This Popular South American Sea Lion Experience Is A Bit Scarier Than Tourists Realize

Swimming alongside cute sea lions seems fairly benign when compared to say, splashing around in the world's most shark-infested beaches. But people who've actually swum with the creatures say it's a lot more intimidating than you might think. This is especially true when the sea lion numbers are in the thousands, which they are in the Palomino Islands, about 6 miles off the coast of Lima, Peru. Visitors flock to the islands to swim with the animals, particularly during the Peruvian summer months(December through February) when the sea and air temperatures are warmer. This is also a great time to visit because the adorable sea lion pups are being born. 

Tour operators in the Palomino Islands claim that sea lions, often affectionately referred to as "sea puppies," don't bite humans. Keeping a safe distance is nonetheless wise, as males of the species can grow to nine feet long and weigh a whopping 770 pounds, a bit bigger than your average puppy. Moreover, as a large group, the animals make a bone-chilling howling noise, like something straight out of a horror movie. "I didn't realize how scary it was going to be. And I don't get scared easily," said TikToker @lifeofcharissae after taking part in the excursion. 

What it's like to swim with the sea lions

The four-hour sea lion immersion tour begins with a boat ride from the Port of Callau out to the Palomino Islands. On the way to the islands, the boat may stop at other points of interest, such as an area known for its epic wild penguin sightings. As the boat approaches the sea lion rookery, the deafening roar of the colony grows louder and swimmers are asked to zip up their wetsuits, which protect against hypothermia in the chilly water. Then, it's time to dive in. 

The sea lions are naturally playful and curious and approach human swimmers on their own, without having to be enticed with dead fish or other bait. While visitors are instructed not to touch the sea lions, sometimes the animals initiate contact themselves, playfully bumping swimmers or lining up to smell their feet. In all, visitors are allowed about 45 minutes in the water with the animals. Sea lion swimmer and writer, Kerrie-Anne Riles, described overcoming her initial trepidation and loving the experience in the end. "Lima has many interesting ways to spend the day, but this is definitely the most exhilarating," she wrote in an article for Go World Travel.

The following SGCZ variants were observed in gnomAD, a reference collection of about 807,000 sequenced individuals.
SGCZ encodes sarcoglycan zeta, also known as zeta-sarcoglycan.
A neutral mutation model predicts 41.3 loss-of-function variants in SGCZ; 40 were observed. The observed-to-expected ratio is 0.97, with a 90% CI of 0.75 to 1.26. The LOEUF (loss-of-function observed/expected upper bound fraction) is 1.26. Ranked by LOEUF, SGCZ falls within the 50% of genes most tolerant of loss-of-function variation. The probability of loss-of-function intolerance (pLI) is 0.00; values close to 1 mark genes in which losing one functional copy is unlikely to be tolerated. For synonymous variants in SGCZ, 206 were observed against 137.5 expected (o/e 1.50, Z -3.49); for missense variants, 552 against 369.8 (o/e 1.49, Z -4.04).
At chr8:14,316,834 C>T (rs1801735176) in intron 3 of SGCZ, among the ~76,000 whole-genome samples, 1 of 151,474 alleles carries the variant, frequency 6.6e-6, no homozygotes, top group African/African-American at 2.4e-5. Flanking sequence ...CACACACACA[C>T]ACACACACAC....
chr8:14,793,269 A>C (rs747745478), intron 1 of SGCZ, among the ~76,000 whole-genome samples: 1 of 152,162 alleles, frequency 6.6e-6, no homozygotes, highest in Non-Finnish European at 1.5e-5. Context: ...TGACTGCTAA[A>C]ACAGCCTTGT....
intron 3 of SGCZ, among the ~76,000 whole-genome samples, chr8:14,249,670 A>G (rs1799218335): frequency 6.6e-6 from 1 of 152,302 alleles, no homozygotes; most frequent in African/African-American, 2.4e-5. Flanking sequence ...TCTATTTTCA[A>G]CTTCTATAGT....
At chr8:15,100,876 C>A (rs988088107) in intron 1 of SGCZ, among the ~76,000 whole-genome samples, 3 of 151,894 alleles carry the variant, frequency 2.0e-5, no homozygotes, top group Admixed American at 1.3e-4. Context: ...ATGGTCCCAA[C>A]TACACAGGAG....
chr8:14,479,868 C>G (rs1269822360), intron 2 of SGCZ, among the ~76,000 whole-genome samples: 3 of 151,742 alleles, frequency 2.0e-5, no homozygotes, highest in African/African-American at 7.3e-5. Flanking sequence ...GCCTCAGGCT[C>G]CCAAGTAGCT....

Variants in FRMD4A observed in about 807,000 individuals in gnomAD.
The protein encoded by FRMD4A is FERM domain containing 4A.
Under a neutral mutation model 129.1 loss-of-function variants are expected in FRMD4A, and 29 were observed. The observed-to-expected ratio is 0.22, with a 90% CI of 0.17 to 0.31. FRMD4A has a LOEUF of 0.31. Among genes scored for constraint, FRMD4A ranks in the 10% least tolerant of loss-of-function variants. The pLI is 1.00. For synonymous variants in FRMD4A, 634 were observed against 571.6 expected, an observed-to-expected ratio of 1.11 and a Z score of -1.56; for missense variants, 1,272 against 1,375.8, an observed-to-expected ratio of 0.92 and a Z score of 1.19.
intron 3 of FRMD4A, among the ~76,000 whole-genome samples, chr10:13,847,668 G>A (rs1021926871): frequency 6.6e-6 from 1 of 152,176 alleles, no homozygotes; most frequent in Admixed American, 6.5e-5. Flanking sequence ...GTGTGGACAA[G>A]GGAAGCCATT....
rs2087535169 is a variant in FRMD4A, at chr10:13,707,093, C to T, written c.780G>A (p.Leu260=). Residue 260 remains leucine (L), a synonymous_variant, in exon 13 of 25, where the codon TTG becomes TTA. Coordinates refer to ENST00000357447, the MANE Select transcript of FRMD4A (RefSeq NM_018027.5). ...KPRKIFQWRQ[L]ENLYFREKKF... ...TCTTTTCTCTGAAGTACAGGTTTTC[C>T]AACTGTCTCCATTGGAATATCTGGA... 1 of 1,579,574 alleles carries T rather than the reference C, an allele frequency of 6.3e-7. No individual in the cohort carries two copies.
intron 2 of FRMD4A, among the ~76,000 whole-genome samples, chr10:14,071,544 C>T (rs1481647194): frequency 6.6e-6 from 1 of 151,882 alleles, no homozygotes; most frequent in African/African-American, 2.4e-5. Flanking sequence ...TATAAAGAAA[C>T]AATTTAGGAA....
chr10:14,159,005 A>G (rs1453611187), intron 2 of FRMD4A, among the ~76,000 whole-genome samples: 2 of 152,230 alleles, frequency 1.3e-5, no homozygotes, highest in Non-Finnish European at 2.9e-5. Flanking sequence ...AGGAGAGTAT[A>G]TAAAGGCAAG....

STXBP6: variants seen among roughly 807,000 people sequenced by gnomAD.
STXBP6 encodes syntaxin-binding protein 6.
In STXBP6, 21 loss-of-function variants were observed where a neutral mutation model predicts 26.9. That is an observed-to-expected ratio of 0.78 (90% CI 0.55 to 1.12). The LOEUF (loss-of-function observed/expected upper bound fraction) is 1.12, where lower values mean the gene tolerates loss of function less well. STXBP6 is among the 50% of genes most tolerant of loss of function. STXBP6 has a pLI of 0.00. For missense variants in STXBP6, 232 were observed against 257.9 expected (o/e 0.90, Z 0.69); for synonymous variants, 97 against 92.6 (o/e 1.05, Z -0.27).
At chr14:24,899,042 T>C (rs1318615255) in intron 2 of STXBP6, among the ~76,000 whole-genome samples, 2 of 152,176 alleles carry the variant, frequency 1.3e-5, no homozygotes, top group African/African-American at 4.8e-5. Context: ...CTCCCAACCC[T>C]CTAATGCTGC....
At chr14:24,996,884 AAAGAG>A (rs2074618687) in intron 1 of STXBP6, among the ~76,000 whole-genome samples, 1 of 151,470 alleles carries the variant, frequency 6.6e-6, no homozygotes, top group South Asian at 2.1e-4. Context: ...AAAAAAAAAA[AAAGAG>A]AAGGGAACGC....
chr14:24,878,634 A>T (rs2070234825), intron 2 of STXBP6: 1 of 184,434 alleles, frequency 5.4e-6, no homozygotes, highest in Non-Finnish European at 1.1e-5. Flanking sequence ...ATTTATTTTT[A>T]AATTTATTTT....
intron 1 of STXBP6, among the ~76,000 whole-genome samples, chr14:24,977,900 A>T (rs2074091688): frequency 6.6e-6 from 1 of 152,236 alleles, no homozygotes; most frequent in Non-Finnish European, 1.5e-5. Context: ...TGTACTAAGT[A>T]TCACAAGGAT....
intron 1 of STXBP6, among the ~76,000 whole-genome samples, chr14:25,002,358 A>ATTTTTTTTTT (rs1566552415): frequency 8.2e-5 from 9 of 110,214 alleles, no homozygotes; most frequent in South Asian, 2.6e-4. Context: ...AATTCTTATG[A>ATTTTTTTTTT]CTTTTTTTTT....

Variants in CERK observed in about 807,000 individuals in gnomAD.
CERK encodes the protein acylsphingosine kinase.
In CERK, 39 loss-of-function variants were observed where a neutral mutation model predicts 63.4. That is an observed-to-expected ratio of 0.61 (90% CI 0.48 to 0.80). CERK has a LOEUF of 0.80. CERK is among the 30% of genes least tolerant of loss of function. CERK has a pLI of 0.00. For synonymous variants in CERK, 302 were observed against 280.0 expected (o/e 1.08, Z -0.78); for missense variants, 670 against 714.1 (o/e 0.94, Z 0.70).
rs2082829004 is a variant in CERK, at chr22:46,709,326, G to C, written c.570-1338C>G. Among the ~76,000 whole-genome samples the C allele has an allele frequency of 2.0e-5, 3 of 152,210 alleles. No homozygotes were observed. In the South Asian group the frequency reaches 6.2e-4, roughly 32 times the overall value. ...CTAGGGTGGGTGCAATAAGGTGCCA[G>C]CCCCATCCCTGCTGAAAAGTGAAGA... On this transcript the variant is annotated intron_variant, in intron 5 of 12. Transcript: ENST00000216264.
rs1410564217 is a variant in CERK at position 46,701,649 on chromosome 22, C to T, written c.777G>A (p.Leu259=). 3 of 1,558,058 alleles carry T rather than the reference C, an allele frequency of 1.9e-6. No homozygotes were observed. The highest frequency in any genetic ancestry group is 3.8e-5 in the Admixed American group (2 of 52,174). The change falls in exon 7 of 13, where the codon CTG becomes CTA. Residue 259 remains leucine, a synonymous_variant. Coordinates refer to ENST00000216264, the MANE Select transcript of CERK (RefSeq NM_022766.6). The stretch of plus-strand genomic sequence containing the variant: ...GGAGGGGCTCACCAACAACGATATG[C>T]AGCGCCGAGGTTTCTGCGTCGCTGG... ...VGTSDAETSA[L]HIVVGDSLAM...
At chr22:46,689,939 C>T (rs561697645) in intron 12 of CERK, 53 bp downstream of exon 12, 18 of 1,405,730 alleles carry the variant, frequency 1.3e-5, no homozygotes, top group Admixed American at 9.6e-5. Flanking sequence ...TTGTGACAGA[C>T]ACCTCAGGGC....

Planning your sea lion excursion

Several different tour operators run sea lion excursions from the Port of Callau, but not all these tours are created equal. Things to consider when planning your trip are the length of the tour, other points of interest included on the tour, and especially, the type of boat. Keep in mind that not all boats provide wetsuits, toilets, or shaded areas. If your boat ends up lacking shade, you could always bring your umbrella along and if necessary, use it to protect yourself from overexposure to the sun, which can be intense out on the water. Essential supplies to bring with you on this trip include sunscreen, a hat, a towel, binoculars if you have them, and above all, a waterproof camera. 

If you have any energy left over after returning to Callau, spend some time in the La Punta area, where you'll find a pretty beach and restaurants boasting both fantastic local cuisine and great sea and city views. End your unforgettable day with a classic Peruvian dessert, some sweet picarones, purchased from a neighborhood street vendor. Are your taste buds tingling yet? If so, it's because you're in one of the top foodie destinations in South America